Chemical Consolidation of Conglomerate and Sand at the Mogao Grottoes
Li Zuixiong, Nevillew Agnew, Po-Ming Lin
Research into the Control of Damage by Windblown Sand at the Mogao Grottoes
Ling Yuquan, Qu Jianjun, Fan Jinshi, Li Yunhe
Desert-Adapted Plants for Control of Windblown Sand
Po-Ming Lin, Neville Agnew, Li Yunhe, Wang Wanfu
Conservation of the Engraved Rock Wall in the Temiya Cave, Japan
Geological Environment of the Mogao Grottoes at Dunhuang
Nobuaki Kuchitsu, Duan Xiuye
Geotechnical Stability Problems of the Dafosi Grotto
Gerd Gudehus, Thomas Niedhart
- KEYNOTE ADDRESS
Conservation of Subterranean Historic and Prehistoric Monuments: The Importance of the Environment and Microclimate
Jacques Brunet, Jean Vouvé, Philippe Malaurent
Deposition of Atmospheric Particles within the Yungang Grottoes
Christos S. Christoforou, Lynn G. Salmon, Glen R. Cass
Control of Particle Deposition within the Yungang Grottoes
Christos S. Christoforou, Lynn G. Salmon, Timothy J. Gerk, Glen R. Cass
Microclimate of Cave Temples 53 and 194, Mogao Grottoes
Sadatoshi Miura, Tadateru Nishiura, Zhang Yongjun, Wang Baoyi, Li Shi
Environmental Monitoring at the Mogao Grottoes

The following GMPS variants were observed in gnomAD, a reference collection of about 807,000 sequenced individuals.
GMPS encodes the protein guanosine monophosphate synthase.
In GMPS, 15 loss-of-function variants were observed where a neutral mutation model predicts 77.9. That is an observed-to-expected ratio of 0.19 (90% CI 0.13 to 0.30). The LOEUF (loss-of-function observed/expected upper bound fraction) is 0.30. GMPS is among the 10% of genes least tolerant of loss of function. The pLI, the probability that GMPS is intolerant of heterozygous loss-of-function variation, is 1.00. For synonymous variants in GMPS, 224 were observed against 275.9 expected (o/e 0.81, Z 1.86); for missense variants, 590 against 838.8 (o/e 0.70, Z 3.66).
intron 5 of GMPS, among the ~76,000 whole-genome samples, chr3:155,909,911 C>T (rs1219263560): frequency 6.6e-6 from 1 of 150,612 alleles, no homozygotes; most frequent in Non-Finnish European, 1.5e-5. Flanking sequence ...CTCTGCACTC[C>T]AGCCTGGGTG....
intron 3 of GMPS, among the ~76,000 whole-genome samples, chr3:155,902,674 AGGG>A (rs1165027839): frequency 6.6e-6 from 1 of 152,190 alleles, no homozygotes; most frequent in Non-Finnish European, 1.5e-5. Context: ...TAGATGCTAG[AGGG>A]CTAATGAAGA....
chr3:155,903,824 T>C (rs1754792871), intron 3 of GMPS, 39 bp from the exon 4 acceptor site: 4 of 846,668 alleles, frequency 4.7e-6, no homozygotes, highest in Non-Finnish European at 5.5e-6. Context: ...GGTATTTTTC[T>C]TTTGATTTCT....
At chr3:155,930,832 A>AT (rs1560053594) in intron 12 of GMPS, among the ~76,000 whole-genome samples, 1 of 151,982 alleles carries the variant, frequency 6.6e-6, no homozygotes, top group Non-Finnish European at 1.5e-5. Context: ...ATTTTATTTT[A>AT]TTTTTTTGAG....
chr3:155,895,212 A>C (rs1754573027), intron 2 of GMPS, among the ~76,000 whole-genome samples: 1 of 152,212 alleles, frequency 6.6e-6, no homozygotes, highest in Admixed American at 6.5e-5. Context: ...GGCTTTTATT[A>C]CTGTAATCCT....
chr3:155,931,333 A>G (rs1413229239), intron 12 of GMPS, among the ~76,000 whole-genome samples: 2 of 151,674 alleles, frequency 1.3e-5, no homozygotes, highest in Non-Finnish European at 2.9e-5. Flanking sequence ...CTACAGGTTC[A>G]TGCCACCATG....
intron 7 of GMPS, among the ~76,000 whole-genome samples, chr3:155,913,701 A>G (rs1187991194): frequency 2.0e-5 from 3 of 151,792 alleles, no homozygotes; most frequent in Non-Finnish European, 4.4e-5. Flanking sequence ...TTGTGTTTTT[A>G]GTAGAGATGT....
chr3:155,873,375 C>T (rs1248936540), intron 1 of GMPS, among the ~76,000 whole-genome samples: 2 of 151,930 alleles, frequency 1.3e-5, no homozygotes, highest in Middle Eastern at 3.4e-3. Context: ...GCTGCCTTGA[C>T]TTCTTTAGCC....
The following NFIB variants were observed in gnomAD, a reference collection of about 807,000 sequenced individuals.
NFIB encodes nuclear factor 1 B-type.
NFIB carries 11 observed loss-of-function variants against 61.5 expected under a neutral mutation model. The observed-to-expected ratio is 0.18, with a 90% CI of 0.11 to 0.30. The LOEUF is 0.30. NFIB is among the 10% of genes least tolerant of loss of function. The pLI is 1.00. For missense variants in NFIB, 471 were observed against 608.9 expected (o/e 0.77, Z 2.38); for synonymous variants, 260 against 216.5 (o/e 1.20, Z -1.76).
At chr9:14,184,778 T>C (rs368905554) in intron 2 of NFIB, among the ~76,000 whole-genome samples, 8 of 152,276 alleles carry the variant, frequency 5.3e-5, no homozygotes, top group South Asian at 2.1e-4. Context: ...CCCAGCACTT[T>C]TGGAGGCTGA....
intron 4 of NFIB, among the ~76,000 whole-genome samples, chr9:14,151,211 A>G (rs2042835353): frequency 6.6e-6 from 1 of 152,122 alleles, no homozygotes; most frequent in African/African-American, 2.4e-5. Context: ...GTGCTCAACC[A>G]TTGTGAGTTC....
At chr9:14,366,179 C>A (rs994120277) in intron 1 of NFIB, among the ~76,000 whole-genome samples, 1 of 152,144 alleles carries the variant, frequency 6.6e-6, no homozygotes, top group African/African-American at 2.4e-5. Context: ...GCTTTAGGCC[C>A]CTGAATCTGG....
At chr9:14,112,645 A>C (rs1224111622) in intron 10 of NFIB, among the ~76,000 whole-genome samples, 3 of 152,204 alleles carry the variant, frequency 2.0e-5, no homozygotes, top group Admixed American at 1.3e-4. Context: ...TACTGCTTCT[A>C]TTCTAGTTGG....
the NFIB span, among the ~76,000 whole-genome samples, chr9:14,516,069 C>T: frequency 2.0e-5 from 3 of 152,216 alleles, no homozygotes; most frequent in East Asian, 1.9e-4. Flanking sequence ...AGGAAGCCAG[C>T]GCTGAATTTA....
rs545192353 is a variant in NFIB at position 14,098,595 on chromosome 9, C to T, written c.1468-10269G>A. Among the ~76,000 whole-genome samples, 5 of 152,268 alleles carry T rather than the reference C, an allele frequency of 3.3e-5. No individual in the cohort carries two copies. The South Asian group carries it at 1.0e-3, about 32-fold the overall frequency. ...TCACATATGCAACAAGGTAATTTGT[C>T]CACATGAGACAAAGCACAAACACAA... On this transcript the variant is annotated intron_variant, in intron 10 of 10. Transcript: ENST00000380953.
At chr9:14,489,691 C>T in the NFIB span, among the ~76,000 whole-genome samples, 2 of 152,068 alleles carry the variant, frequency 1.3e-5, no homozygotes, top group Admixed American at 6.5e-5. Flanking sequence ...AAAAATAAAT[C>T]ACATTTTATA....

Shin Maekawa, Zhang Yongjun, Wang Baoyi, Fu Wenli, Xue Ping
A Nondestructive Method for Determining Weathering and Consolidation of Stone
Zhong Shihang, Huang Kezhong
Investigations of the Deterioration and Conservation of the Dafosi Grotto
He Ling, Ma Tao, Rolf Snethlage, Eberhard Wendler
Color Change of Pigments in the Mogao Grottoes of Dunhuang
Nobuaki Kuchitsu, Duan Xiuye, Chie Sano, Guo Hong, Li Jun
Analysis of Wall Painting Fragments from the Mogao and the Bingling Temple Grottoes
Ian N. M. Wainwright, Elizabeth J. Moffatt, P. Jane Sirois, Gregory S. Young
Color Measurement at the Mogao Grottoes
Michael R. Schilling, Li Jun, Lie Tie Chao, Guo Hong, Li Zuixiong, Duan Xu Xe
Scientific Examination of the Sculptural Polychromy of Cave 6 at Yungang
Pigment Analysis of Polychrome Statuary and Wall Paintings of the Tiantishan Grottoes
Zhou Guoxin, Zhang Jianquan, Cheng Huaiwan
Lead Isotope Analyses of Some Chinese and Central Asian Pigments
Robert H. Brill, Csilla Felker-Dennis, Hiroshi Shirahata, Emile C. Joel
Formation and Stability of Chinese Barium Copper-Silicate Pigments
Hans G. Wiedemann, Gerhard Bayer
The Polychrome Terra-cotta Army of the First Emperor Qin Shi Huang
Wu Y. Onggi, Zhou Tie, Zhang Zhijun, Erwin Emmerling, Cristina Thieme
- Illustration Credits
About the Authors